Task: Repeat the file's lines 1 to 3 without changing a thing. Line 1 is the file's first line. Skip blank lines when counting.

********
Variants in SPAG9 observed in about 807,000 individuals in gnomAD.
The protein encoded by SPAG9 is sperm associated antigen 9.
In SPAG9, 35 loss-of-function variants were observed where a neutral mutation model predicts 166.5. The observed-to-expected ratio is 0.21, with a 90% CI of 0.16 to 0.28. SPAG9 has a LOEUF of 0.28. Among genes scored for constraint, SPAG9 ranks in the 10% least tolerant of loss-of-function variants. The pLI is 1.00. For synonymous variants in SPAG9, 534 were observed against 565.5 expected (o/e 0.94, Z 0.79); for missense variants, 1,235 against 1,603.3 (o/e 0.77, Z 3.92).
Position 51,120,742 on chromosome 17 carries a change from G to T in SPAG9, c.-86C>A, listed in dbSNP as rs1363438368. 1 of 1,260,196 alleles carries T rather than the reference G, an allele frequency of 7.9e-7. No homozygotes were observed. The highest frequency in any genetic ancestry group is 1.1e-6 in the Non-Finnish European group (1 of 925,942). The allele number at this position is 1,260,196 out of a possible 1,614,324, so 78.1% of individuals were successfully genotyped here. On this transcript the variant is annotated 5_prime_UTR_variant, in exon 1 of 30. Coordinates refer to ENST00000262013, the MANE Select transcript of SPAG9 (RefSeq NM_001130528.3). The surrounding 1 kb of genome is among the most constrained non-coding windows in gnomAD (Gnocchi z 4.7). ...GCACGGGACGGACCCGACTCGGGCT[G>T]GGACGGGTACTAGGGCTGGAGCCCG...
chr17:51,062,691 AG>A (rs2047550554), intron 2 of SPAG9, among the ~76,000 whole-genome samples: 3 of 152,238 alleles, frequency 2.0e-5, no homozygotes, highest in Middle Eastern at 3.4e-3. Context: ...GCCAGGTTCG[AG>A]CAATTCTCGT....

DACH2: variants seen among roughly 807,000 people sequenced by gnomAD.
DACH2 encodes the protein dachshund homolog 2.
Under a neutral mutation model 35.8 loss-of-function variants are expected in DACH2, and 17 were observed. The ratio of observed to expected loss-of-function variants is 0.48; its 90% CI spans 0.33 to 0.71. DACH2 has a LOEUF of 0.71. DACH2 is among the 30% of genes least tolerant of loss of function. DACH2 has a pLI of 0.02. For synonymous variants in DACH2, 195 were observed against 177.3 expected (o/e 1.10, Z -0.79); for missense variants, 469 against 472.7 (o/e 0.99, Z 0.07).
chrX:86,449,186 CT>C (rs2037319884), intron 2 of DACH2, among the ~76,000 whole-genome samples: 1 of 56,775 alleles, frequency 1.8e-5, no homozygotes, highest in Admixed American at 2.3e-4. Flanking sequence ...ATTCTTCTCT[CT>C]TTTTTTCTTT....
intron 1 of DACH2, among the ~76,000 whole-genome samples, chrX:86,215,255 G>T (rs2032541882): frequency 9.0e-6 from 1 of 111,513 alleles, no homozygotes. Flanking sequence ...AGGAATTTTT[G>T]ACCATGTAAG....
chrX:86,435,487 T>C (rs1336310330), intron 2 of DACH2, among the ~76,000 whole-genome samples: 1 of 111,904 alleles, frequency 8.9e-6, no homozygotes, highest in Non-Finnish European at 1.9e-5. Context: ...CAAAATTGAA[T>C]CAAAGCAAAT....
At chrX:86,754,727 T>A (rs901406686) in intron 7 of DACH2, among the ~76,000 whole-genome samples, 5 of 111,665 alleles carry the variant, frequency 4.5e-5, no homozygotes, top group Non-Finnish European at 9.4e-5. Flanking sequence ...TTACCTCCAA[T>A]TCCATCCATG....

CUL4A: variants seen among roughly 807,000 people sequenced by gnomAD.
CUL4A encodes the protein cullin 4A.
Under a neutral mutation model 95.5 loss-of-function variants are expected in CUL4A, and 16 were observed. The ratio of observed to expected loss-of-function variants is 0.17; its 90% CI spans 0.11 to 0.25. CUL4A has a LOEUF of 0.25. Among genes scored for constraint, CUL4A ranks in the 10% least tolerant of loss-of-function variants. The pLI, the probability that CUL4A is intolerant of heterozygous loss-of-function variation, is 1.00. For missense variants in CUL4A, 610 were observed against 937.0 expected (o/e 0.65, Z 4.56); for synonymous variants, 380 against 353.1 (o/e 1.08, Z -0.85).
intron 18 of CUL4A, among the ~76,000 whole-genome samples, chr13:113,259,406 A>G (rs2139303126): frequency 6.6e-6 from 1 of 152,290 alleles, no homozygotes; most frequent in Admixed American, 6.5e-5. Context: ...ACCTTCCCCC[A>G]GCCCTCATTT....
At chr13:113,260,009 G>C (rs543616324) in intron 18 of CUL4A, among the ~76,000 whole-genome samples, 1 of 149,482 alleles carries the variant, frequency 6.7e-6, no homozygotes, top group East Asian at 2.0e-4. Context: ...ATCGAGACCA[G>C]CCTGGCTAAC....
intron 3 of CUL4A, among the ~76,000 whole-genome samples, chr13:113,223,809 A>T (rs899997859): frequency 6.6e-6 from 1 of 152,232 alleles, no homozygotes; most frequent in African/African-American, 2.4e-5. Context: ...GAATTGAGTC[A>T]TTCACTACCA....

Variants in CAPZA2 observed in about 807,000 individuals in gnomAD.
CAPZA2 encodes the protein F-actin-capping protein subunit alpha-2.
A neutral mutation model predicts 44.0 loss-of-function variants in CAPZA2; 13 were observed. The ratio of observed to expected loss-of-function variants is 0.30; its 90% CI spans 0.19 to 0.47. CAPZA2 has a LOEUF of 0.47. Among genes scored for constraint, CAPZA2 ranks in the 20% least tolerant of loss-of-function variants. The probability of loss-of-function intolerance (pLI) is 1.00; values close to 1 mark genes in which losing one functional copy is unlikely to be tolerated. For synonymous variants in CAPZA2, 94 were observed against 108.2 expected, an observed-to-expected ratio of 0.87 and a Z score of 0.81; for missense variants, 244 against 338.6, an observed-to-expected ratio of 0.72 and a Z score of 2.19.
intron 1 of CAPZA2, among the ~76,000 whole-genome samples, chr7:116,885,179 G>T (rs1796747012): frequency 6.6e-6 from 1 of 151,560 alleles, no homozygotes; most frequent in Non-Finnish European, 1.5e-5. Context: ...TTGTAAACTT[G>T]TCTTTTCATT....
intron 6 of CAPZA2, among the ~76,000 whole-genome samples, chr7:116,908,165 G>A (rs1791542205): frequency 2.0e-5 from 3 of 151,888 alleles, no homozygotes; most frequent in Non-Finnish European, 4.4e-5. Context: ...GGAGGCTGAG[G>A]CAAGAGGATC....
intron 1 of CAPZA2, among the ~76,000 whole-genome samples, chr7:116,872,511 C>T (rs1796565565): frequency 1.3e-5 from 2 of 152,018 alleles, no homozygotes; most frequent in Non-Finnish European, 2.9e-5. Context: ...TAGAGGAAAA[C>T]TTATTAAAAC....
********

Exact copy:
Variants in SPAG9 observed in about 807,000 individuals in gnomAD.
The protein encoded by SPAG9 is sperm associated antigen 9.
In SPAG9, 35 loss-of-function variants were observed where a neutral mutation model predicts 166.5. The observed-to-expected ratio is 0.21, with a 90% CI of 0.16 to 0.28. SPAG9 has a LOEUF of 0.28. Among genes scored for constraint, SPAG9 ranks in the 10% least tolerant of loss-of-function variants. The pLI is 1.00. For synonymous variants in SPAG9, 534 were observed against 565.5 expected (o/e 0.94, Z 0.79); for missense variants, 1,235 against 1,603.3 (o/e 0.77, Z 3.92).